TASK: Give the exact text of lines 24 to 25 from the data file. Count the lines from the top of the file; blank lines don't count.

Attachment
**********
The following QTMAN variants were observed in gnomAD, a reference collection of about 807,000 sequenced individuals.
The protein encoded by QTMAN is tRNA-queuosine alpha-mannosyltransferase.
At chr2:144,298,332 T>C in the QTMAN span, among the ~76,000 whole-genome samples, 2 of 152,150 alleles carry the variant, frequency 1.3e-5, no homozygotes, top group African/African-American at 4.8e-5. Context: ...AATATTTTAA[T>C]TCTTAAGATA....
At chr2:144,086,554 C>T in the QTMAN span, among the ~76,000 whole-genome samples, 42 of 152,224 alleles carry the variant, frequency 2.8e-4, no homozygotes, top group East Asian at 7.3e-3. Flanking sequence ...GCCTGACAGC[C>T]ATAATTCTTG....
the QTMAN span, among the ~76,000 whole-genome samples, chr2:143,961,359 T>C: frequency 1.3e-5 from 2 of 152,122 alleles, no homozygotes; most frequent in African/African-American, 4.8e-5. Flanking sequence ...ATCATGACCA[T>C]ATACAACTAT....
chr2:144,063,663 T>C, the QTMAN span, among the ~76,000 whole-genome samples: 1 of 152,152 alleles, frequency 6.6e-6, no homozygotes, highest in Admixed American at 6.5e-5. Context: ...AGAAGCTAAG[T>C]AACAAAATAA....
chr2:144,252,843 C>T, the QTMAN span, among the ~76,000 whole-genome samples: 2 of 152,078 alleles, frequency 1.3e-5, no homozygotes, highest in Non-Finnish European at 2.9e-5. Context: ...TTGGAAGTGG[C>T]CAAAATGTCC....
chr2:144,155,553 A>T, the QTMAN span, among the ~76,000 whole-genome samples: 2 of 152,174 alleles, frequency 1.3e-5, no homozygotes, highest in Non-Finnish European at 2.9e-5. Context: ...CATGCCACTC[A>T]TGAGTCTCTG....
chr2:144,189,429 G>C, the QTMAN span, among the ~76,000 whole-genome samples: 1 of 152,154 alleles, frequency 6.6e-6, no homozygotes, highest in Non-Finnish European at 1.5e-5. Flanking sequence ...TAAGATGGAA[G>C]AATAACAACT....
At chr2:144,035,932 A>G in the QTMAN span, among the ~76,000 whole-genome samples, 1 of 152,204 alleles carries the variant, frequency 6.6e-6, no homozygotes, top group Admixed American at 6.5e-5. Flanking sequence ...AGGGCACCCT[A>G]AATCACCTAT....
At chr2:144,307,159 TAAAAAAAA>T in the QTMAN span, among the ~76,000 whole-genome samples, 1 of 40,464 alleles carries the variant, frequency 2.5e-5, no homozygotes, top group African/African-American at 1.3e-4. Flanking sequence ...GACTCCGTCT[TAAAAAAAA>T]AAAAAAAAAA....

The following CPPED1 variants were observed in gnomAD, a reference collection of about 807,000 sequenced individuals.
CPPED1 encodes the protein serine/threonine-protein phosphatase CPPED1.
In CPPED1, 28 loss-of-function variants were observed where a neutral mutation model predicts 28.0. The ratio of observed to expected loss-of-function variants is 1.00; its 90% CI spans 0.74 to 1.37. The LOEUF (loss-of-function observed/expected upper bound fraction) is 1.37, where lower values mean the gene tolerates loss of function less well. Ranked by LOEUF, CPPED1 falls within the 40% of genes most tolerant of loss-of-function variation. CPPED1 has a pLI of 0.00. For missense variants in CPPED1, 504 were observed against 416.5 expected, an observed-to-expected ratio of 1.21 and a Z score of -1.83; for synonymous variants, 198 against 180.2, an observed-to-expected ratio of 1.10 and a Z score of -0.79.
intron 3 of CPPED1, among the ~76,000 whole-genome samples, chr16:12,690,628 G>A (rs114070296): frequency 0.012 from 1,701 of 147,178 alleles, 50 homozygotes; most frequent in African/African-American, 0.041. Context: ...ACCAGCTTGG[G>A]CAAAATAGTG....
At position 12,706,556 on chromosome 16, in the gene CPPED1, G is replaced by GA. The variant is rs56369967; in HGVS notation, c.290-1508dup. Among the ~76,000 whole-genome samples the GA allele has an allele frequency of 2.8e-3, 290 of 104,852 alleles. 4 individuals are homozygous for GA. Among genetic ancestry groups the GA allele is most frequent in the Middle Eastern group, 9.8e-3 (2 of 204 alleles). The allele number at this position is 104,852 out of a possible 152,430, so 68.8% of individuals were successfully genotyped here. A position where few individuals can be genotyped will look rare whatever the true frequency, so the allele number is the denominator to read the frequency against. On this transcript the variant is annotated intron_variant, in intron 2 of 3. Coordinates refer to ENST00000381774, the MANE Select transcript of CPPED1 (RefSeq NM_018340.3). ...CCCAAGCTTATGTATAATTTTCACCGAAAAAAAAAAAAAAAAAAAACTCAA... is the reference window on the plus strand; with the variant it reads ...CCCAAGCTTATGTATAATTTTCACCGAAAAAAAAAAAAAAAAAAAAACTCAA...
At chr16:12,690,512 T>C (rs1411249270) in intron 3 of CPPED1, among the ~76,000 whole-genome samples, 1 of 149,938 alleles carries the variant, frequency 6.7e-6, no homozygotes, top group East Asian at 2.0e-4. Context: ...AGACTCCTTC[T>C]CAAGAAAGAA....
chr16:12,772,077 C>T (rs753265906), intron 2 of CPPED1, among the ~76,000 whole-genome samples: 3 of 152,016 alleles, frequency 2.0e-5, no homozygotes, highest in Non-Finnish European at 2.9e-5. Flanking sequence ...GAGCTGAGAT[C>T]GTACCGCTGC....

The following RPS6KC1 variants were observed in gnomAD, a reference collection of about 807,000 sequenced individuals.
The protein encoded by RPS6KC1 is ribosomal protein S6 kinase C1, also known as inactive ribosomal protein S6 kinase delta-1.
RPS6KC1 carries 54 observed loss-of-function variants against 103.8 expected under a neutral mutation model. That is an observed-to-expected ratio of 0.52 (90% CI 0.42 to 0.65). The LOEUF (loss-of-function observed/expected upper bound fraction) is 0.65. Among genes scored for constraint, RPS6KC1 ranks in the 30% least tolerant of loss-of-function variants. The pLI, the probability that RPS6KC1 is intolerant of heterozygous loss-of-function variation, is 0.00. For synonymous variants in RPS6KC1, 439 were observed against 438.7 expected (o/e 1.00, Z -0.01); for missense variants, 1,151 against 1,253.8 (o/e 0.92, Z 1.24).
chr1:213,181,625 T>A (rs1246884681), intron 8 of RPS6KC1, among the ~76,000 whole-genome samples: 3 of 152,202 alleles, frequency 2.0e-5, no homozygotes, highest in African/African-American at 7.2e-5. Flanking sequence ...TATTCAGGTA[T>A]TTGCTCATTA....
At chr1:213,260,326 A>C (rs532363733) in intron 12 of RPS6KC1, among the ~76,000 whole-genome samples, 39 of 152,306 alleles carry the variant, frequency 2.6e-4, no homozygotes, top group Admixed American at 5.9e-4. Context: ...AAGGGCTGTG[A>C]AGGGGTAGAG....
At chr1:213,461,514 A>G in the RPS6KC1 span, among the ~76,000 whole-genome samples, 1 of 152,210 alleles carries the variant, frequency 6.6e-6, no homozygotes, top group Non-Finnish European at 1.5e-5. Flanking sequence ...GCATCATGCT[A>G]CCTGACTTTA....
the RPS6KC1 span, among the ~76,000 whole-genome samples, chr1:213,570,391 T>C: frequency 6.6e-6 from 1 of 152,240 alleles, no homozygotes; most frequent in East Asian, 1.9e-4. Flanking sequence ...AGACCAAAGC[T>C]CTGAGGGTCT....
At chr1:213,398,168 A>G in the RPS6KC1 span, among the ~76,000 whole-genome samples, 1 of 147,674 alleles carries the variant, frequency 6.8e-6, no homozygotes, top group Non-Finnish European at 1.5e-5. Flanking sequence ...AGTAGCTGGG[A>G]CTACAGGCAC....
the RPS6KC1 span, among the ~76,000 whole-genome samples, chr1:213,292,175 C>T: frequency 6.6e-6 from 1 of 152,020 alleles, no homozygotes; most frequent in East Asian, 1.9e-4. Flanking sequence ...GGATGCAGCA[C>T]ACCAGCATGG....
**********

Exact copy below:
At chr1:213,461,514 A>G in the RPS6KC1 span, among the ~76,000 whole-genome samples, 1 of 152,210 alleles carries the variant, frequency 6.6e-6, no homozygotes, top group Non-Finnish European at 1.5e-5. Flanking sequence ...GCATCATGCT[A>G]CCTGACTTTA....
the RPS6KC1 span, among the ~76,000 whole-genome samples, chr1:213,570,391 T>C: frequency 6.6e-6 from 1 of 152,240 alleles, no homozygotes; most frequent in East Asian, 1.9e-4. Flanking sequence ...AGACCAAAGC[T>C]CTGAGGGTCT....